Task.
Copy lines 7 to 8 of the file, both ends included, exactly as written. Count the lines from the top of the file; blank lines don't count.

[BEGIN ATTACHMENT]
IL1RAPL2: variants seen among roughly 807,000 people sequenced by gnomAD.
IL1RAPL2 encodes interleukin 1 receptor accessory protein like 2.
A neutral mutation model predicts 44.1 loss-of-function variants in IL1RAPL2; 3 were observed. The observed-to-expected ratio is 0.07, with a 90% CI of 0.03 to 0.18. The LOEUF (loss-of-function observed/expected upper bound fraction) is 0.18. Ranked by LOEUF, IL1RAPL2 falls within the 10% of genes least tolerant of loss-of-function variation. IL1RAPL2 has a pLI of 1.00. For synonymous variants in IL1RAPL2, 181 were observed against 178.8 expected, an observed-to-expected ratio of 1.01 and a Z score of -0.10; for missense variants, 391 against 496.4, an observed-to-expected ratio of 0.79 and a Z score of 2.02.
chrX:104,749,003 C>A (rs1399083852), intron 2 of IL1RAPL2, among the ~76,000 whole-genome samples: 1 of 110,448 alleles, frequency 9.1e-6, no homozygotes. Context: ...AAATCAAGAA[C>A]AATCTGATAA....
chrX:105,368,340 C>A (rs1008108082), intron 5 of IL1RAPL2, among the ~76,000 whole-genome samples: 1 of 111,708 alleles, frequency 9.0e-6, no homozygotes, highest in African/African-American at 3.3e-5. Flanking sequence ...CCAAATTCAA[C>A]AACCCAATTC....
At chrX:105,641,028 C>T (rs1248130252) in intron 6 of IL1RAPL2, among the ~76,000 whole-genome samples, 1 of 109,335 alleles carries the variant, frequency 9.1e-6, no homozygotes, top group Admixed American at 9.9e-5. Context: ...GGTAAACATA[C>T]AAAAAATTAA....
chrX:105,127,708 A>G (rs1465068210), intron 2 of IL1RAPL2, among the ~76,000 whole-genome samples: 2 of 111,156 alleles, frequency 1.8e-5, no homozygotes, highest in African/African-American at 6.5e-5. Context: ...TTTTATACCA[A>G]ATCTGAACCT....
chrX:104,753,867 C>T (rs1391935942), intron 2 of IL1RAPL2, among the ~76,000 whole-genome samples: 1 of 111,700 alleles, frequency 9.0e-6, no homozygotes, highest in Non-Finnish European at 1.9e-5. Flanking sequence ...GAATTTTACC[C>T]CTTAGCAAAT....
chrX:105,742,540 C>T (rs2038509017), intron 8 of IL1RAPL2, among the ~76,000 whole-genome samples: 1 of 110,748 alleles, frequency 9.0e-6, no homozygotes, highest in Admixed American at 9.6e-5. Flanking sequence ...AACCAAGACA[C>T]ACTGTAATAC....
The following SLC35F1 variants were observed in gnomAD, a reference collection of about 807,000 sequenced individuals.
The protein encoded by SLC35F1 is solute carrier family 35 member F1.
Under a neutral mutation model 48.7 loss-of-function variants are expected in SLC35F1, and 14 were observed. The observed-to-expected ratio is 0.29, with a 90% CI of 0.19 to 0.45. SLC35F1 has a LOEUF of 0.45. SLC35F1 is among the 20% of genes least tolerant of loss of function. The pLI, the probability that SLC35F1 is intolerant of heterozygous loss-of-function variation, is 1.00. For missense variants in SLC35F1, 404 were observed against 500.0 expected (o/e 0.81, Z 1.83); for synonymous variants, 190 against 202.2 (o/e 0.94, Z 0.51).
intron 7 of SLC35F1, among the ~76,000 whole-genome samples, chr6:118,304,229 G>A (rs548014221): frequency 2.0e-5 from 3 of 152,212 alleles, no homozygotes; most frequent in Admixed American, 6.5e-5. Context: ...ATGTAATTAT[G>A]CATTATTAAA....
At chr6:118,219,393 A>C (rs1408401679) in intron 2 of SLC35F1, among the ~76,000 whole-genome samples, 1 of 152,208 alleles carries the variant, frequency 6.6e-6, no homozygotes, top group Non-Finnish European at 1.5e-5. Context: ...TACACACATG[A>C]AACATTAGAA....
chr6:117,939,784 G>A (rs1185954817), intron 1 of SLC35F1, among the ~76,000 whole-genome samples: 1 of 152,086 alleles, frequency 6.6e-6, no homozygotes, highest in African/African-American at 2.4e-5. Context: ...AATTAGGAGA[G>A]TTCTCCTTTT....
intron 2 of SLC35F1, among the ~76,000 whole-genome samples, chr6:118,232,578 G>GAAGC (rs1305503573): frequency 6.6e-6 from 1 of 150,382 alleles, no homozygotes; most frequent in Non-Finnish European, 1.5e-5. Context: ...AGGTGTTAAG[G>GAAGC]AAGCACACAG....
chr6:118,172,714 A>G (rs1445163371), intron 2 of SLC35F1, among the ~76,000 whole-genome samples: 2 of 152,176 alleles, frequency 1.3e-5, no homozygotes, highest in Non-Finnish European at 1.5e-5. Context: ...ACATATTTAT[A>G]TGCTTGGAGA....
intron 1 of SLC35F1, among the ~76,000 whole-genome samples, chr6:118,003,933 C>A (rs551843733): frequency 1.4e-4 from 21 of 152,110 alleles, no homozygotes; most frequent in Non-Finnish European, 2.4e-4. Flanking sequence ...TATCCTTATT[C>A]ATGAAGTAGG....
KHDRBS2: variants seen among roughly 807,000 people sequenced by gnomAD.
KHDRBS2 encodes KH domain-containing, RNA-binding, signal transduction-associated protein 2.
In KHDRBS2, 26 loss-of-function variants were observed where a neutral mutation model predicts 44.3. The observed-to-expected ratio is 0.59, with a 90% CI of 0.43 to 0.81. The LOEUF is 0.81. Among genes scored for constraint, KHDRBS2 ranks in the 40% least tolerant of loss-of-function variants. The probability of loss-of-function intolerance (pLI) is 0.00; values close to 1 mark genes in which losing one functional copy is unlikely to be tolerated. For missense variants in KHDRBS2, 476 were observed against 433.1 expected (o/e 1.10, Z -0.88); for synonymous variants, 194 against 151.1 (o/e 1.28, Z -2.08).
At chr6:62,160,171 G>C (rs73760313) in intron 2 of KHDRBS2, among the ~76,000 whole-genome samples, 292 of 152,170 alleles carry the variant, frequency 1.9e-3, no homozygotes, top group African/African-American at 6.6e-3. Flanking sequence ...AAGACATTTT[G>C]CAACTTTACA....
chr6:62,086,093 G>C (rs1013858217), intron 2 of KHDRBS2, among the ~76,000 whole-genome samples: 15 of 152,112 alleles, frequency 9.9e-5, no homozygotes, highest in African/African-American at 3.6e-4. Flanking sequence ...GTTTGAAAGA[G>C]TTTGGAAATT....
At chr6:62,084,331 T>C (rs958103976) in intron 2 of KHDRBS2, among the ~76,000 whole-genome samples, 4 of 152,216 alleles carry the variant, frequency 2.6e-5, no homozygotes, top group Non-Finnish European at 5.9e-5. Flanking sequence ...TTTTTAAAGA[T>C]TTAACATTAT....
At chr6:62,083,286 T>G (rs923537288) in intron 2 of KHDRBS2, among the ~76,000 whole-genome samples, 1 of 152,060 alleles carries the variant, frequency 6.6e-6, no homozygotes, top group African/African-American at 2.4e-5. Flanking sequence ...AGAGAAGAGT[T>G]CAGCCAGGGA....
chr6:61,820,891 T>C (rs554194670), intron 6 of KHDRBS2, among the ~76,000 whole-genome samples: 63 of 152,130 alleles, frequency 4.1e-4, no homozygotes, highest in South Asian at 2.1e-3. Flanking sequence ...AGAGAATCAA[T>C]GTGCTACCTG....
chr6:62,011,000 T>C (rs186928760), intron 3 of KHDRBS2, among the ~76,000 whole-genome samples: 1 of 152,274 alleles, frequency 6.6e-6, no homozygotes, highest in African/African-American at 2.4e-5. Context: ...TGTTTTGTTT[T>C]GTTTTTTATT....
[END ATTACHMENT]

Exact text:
chrX:105,127,708 A>G (rs1465068210), intron 2 of IL1RAPL2, among the ~76,000 whole-genome samples: 2 of 111,156 alleles, frequency 1.8e-5, no homozygotes, highest in African/African-American at 6.5e-5. Context: ...TTTTATACCA[A>G]ATCTGAACCT....
chrX:104,753,867 C>T (rs1391935942), intron 2 of IL1RAPL2, among the ~76,000 whole-genome samples: 1 of 111,700 alleles, frequency 9.0e-6, no homozygotes, highest in Non-Finnish European at 1.9e-5. Flanking sequence ...GAATTTTACC[C>T]CTTAGCAAAT....